When you invest in a business by acquiring its shares, the firm may periodically reward you with dividends. Dividends are the earnings earned by a firm that are distributed to its shareholders. However, corporations may opt to reward their shareholders in methods other than dividends on occasion. A bonus issuance of shares is one such method. Let us try to figure out what it is.
What are bonus shares?
Bonus shares are free shares given to current shareholders by the firm. Bonus shares are distributed in proportion to the number of shares held by an investor.
When a firm provides 1:5 bonus shares, for example, it implies that for every 5 shares purchased, the shareholder will receive 1 free share. As a result, if an investor owns 100 shares at the time of the bonus, his or her holdings will increase to 120 shares.
The firm generally announces bonus shares with a record date, which is the day on which the bonus shares are calculated. Bonus shares are available to all investors who held shares on the record date. They are generally given as a substitute for dividend distributions.
Who is eligible to receive bonus share?
Through the record date, companies determine who is eligible to earn bonus shares. After the announcement of a bonus share issuance, trading stays open, with new shareholders being added and withdrawn every minute.
How do firms determine the identity of current shareholders, given the continuously changing number of shareholders?
Companies that plan to distribute bonus shares set a record date to establish how many current shareholders there are. To be eligible for bonus share allocation, you must be a shareholder on the record date.
The company's bookkeepers review the records on the record date to identify stockholders. When a company declares a bonus share issuance, it also announces an ex-date. The ex-date is the final day to acquire the company's stock in order to be eligible for a bonus share issuance. Anyone who joins the company after the ex-date is not eligible for bonus shares.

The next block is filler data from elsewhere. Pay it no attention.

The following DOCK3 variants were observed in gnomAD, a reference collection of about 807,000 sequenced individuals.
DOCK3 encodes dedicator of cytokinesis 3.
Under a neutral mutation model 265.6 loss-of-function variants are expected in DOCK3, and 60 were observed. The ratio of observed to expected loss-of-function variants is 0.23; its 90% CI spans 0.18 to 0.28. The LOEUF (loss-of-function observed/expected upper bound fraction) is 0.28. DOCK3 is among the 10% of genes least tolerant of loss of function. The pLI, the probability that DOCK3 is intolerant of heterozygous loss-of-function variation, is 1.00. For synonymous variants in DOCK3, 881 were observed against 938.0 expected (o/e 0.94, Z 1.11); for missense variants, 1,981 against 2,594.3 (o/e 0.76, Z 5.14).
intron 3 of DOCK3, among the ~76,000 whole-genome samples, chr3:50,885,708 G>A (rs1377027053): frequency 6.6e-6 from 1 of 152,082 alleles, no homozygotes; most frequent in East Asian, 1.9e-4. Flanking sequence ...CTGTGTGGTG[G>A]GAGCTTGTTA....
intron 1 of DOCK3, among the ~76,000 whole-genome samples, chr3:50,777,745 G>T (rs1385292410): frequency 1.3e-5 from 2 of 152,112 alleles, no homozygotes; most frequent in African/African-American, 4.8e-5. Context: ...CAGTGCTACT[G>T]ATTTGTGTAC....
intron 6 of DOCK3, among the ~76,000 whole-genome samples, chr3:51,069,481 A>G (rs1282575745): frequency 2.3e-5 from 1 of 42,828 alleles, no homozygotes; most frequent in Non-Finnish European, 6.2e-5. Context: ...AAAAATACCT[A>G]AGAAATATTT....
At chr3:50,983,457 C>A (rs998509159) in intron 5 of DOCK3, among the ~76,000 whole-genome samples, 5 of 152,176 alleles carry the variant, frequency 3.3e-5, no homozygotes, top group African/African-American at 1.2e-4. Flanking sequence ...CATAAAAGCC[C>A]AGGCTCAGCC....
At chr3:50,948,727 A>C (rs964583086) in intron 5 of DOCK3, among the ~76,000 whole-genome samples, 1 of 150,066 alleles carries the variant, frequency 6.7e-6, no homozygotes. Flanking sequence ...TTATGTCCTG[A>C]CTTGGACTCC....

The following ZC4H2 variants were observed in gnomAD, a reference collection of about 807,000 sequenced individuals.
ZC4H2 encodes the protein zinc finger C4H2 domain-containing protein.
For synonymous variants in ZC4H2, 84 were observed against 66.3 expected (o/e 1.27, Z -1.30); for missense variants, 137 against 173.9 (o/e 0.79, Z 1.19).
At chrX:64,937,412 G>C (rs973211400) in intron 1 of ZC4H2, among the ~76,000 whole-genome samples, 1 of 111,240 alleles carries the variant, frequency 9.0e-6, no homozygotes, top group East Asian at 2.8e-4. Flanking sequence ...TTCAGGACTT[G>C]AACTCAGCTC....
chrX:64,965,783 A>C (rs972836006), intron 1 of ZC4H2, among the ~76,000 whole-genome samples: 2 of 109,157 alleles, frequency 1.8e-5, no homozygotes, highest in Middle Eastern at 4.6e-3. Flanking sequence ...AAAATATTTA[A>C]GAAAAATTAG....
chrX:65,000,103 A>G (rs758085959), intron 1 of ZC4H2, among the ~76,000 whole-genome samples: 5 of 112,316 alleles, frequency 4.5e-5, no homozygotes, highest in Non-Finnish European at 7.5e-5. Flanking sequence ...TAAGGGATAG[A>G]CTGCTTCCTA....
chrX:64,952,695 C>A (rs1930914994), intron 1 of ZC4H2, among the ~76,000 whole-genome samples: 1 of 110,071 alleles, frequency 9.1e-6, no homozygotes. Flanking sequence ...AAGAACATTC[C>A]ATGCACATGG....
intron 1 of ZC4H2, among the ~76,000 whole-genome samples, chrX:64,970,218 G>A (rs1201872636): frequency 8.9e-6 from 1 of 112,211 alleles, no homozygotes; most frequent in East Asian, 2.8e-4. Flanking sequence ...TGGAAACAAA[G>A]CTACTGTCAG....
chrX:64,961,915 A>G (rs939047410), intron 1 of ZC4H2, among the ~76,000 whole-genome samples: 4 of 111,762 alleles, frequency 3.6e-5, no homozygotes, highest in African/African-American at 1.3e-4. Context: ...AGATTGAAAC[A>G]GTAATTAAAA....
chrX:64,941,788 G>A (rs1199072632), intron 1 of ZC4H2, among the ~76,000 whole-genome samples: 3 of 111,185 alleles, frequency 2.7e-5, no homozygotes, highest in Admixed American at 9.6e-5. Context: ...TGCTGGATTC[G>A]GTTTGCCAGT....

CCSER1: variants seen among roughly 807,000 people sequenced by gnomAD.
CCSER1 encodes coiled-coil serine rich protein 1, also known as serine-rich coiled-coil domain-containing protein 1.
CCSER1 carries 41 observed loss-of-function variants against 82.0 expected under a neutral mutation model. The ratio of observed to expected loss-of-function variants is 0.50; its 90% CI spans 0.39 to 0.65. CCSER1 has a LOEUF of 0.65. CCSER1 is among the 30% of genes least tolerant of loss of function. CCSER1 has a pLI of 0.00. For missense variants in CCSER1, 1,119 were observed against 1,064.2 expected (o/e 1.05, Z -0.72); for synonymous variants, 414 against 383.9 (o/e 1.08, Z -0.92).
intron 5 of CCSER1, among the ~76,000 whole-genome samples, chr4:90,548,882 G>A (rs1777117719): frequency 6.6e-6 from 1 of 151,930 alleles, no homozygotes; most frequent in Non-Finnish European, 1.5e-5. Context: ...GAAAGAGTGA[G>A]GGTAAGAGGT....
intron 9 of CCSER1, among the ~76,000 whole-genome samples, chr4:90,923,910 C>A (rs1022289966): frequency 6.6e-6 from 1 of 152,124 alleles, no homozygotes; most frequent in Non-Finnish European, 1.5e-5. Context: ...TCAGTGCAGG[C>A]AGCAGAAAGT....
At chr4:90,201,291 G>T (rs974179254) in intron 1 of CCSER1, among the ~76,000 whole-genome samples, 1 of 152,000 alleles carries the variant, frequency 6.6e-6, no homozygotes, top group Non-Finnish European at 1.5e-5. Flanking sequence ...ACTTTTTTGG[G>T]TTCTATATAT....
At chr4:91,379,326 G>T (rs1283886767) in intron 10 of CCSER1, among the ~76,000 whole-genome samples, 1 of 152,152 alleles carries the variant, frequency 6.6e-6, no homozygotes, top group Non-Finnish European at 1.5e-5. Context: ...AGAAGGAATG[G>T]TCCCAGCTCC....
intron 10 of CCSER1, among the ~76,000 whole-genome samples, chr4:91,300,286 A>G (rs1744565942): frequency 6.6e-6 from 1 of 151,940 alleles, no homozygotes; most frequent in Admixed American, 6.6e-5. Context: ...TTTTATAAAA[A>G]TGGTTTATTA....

T+2 rolling settlement is used in India, which implies the ex-date is two days prior to the record date. To become a shareholder before the record date and be eligible for a bonus share issuance, you must purchase a company's shares at least a day before the ex-date.
We understand that bonus share offerings are a key aspect of increasing shareholder liquidity. The advantage of a dividend is immediate and in the form of cash, but the benefit of a bonus share issuance is indirect.
What if an investor wishes to cash in on the extra shares?
To sell the bonus shares, he or she will have to wait for them to appear in the demat account. It is not enough to be an eligible shareholder on the record date or hear about a bonus share issue to be entitled to sell the shares.
When are bonus shares credited to the demat account?
Instant money transfers have become the norm with the introduction of electronic media. Similarly, because shares are now exchanged in electronic or dematerialized form, the time it takes for bonus shares to be credited to a demat account has significantly decreased.
Once a shareholder is verified as being qualified for a bonus share issue, the bonus shares are given a new ISIN (International Securities Identification Number). It takes no more than 15 days for the bonus shares to be deposited to the shareholders' demat accounts when a fresh ISIN is assigned.
You do not have to do anything as an investor to get bonus shares. In reality, the company's bonus shares are immediately deposited to the demat accounts of the company's owners. Although the time it takes for firms to credit bonus shares to shareholders' demat accounts is specified as 15 days, owing to the totally dematerialized and electronic form of share transfers, it is generally credited considerably sooner.
Investors wanting a steady income seek out shares of firms that offer bonus shares on a regular basis. The investor community as a whole favours regular bonus share offerings since the share price frequently improves after the issuing of bonus shares.